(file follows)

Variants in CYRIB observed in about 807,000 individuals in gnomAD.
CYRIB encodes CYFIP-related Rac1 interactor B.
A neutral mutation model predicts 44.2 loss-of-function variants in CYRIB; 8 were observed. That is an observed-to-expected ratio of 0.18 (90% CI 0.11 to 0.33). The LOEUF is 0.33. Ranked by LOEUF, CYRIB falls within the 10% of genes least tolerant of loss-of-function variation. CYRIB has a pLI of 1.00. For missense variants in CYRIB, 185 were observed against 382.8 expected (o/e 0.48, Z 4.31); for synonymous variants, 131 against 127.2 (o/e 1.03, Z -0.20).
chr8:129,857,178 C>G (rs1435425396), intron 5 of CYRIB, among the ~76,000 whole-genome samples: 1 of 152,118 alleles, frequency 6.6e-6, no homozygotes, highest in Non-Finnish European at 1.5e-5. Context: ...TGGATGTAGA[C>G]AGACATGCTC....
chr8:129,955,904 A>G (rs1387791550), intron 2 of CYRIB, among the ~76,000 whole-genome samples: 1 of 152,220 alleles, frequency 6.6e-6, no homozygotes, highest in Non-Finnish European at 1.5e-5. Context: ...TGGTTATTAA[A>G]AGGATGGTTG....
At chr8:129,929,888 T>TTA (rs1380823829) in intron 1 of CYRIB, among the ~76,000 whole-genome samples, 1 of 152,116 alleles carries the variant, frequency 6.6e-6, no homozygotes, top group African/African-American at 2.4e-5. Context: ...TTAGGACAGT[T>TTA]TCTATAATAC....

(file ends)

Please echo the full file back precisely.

Variants in CYRIB observed in about 807,000 individuals in gnomAD.
CYRIB encodes CYFIP-related Rac1 interactor B.
A neutral mutation model predicts 44.2 loss-of-function variants in CYRIB; 8 were observed. That is an observed-to-expected ratio of 0.18 (90% CI 0.11 to 0.33). The LOEUF is 0.33. Ranked by LOEUF, CYRIB falls within the 10% of genes least tolerant of loss-of-function variation. CYRIB has a pLI of 1.00. For missense variants in CYRIB, 185 were observed against 382.8 expected (o/e 0.48, Z 4.31); for synonymous variants, 131 against 127.2 (o/e 1.03, Z -0.20).
chr8:129,857,178 C>G (rs1435425396), intron 5 of CYRIB, among the ~76,000 whole-genome samples: 1 of 152,118 alleles, frequency 6.6e-6, no homozygotes, highest in Non-Finnish European at 1.5e-5. Context: ...TGGATGTAGA[C>G]AGACATGCTC....
chr8:129,955,904 A>G (rs1387791550), intron 2 of CYRIB, among the ~76,000 whole-genome samples: 1 of 152,220 alleles, frequency 6.6e-6, no homozygotes, highest in Non-Finnish European at 1.5e-5. Context: ...TGGTTATTAA[A>G]AGGATGGTTG....
At chr8:129,929,888 T>TTA (rs1380823829) in intron 1 of CYRIB, among the ~76,000 whole-genome samples, 1 of 152,116 alleles carries the variant, frequency 6.6e-6, no homozygotes, top group African/African-American at 2.4e-5. Context: ...TTAGGACAGT[T>TTA]TCTATAATAC....